Editor in Chief: Moh. Reza Huwaida Thursday, February 27th, 2020

Afghans’ Concerns over US-Taliban Likely Peace Agreement

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Afghans’ Concerns over US-Taliban  Likely Peace Agreement

The US and Taliban representatives, who have restarted their negotiations in the Qatari capital of Doha, are close to signing a peace deal. However, the talks were held behind closed doors and Afghans have no idea about the content of the agreement. Despite the sporadic optimism and calls, the Afghan government was not included in the US-Taliban talks and the “Afghan-owned” and “Afghan-led” dialogue was not supported.
In addition to holding out hope for ending the 18-year-old conflict, Afghans are likely to be worried about the content of the US-Taliban peace deal.
The Taliban leadership has agreed to reduce violence, but refused to declare truce, which was demanded by Kabul and Washington.
With the Taliban’s refusal to declare truce, it appears that the US-Taliban peace deal will not put an end to the ongoing conflict. Perhaps the main objective of Trump administration is to secure the US troop pullout from Afghanistan through signing a deal with the Taliban leadership even if the deal does not lead to peace and stability in the country.
Afghans are worried that with the marginalization of the Kabul administration and their representatives from the talks, the US-Taliban deal will not result in peace. If the deal does not put an end to the conflict in the country and simply secures the withdrawal of US forces, it will bring no positive outcome to Afghanistan.
The US-Taliban peace deal will include the gradual withdrawal of the US and NATO troops, Taliban’s assurance to end terror sanctuaries, and intra-Afghan dialogue.
The Taliban spokesman in Doha, Suhail Shaheen, is cited as saying that the US-Taliban deal will lead to the start of an intra-Afghan dialogue and negotiations for a nationwide ceasefire. He added, “It’s now a matter of days. We are optimistic that we may be able to sign the agreement latest by this month’s end.”
Meanwhile, Nickolas Kay the NATO Senior Representative for Afghanistan said that a regional consensus was formed in support of the Afghan peace process and added that he was “optimistic about peace talks”. Reiterating the role of regional states, he said, “NATO encourages all regional actors to play a constructive role in stabilizing the region. Like all neighboring countries, Pakistan’s role in supporting the peace process will continue to be crucial.”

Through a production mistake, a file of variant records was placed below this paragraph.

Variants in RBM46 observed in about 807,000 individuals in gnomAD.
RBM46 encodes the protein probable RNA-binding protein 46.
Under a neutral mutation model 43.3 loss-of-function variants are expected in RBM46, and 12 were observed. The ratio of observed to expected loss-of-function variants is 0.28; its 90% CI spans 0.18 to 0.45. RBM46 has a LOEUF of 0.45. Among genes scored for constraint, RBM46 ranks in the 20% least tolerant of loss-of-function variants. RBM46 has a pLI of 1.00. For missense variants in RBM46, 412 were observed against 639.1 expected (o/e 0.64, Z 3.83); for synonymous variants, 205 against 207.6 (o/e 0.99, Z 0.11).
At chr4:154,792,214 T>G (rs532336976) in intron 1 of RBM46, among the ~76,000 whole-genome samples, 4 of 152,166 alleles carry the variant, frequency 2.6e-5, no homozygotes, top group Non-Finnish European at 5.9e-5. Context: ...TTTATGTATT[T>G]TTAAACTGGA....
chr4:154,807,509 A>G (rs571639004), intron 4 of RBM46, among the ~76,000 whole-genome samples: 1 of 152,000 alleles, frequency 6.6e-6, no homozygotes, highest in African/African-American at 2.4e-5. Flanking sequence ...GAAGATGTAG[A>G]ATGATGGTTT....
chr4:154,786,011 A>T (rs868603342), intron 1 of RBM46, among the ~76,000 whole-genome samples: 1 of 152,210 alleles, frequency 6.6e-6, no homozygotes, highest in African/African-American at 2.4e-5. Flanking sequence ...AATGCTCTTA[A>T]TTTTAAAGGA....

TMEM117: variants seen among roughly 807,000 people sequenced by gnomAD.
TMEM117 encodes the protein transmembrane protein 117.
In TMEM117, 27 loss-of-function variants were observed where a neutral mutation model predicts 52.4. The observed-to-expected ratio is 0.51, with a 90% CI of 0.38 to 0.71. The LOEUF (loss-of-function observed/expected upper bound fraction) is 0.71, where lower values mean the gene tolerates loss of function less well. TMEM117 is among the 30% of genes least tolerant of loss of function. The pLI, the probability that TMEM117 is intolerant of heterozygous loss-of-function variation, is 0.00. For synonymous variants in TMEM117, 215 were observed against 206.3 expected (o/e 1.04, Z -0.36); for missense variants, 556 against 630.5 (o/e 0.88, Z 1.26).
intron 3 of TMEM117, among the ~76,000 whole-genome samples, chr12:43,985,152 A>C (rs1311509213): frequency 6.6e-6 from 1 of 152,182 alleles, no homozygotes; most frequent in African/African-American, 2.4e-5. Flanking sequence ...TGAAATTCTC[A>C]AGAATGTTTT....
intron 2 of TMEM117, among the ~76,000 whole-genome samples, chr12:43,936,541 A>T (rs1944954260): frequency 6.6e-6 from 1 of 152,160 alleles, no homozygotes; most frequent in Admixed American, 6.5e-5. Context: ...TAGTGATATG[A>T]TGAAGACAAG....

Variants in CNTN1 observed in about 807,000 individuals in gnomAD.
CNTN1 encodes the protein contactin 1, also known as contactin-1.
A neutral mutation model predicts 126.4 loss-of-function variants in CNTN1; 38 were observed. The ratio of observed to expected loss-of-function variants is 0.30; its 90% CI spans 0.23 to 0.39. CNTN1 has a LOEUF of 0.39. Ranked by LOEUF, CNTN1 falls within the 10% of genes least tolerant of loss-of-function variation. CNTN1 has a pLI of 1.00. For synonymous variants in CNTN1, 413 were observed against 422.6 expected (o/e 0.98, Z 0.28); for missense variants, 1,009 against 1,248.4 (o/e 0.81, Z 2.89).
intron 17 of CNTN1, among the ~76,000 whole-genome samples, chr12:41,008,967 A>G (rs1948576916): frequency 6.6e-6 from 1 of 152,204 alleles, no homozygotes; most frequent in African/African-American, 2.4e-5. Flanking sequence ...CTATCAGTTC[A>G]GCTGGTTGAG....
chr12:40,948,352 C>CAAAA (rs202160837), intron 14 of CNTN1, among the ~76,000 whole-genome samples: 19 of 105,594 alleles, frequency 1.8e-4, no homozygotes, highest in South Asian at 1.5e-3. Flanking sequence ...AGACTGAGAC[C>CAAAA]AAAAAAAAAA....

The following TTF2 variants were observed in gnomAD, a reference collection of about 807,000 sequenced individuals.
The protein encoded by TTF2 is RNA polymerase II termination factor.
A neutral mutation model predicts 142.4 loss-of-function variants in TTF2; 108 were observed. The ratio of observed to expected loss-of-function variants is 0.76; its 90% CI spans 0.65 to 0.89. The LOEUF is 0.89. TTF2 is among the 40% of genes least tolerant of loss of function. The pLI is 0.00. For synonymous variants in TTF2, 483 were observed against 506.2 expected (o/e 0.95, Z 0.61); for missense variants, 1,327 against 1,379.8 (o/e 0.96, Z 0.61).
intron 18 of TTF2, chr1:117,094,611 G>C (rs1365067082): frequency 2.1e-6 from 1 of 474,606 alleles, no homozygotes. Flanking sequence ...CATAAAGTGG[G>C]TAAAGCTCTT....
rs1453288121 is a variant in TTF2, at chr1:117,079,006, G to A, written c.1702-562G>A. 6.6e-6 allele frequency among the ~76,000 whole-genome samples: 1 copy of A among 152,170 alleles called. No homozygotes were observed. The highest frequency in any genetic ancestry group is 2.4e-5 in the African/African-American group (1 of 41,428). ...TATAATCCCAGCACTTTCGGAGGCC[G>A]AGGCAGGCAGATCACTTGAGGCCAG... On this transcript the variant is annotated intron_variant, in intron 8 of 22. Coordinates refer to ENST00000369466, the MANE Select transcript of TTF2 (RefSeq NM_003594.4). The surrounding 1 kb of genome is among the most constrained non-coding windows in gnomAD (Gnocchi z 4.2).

The US side is likely to be in a hurry to sign a peace deal with the Taliban for two reasons: For the one, the Trump administration is concerned about the fragility of the deal following the escalating tension between Tehran and Washington. It fears that Iran will seek an opportunity to blow the whistle on the Taliban.
Second, Trump is seeking to show himself victorious in the Afghanistan conflict and a “problem solver” and label his campaign in the US upcoming presidential election with the return of US soldiers.
It is, however, believed that if the US-Taliban deal fails to end the conflict in Afghanistan, Trump will not win the Americans supports in his campaign. 
If the content of the US-Taliban peace agreement is not revealed to the Afghan people before the signature, it will mean the total disregard of Afghans in the talks. In short, it will be deciding the fate of Afghan people behind closed doors. With this in mind, Afghans, mainly women, are really concerned about the outcome of the talks and fear the compromise of their rights. Viewing the Taliban with mistrust, Afghans do not believe that the Taliban will practice upon their agreement if there is not international observers.
The fact is that the withdrawal of US forces will embolden the Taliban, who are feared to intensify their attacks after the troop pullout.
It is believed that the most controversial issues of the talks are attributed to be discussed in the intra-Afghan dialogue. If US Special Representative for Afghanistan Reconciliation Zalmay Khalilzad could not have persuaded the Taliban to stop violence and conflict despite the US agreement to withdraw its troops, the Taliban will declare victory. That is, the main objective of the talks, according to general beliefs, is to end the conflict.
Overall, Afghans expect four issues from the US-Taliban peace talks: First, the US should ascertain Afghans’ view regarding the agreement through revealing the content to them. Second, the Taliban should guarantee that Afghans democratic gains and women’s rights and liberties will not be at stake. Third, the international community and global powers have to guarantee the agreement. Forth, the troop pullout should not be conducive to civil unrest and the Taliban have to reduce violence and/or declare truce as a gesture of goodwill for the talks.

Hujjatullah Zia is the permanent writer of the Daily Outlook Afghanistan and freelance writer based in Kabul. He can be reached at zia_hujjat@yahoo.com

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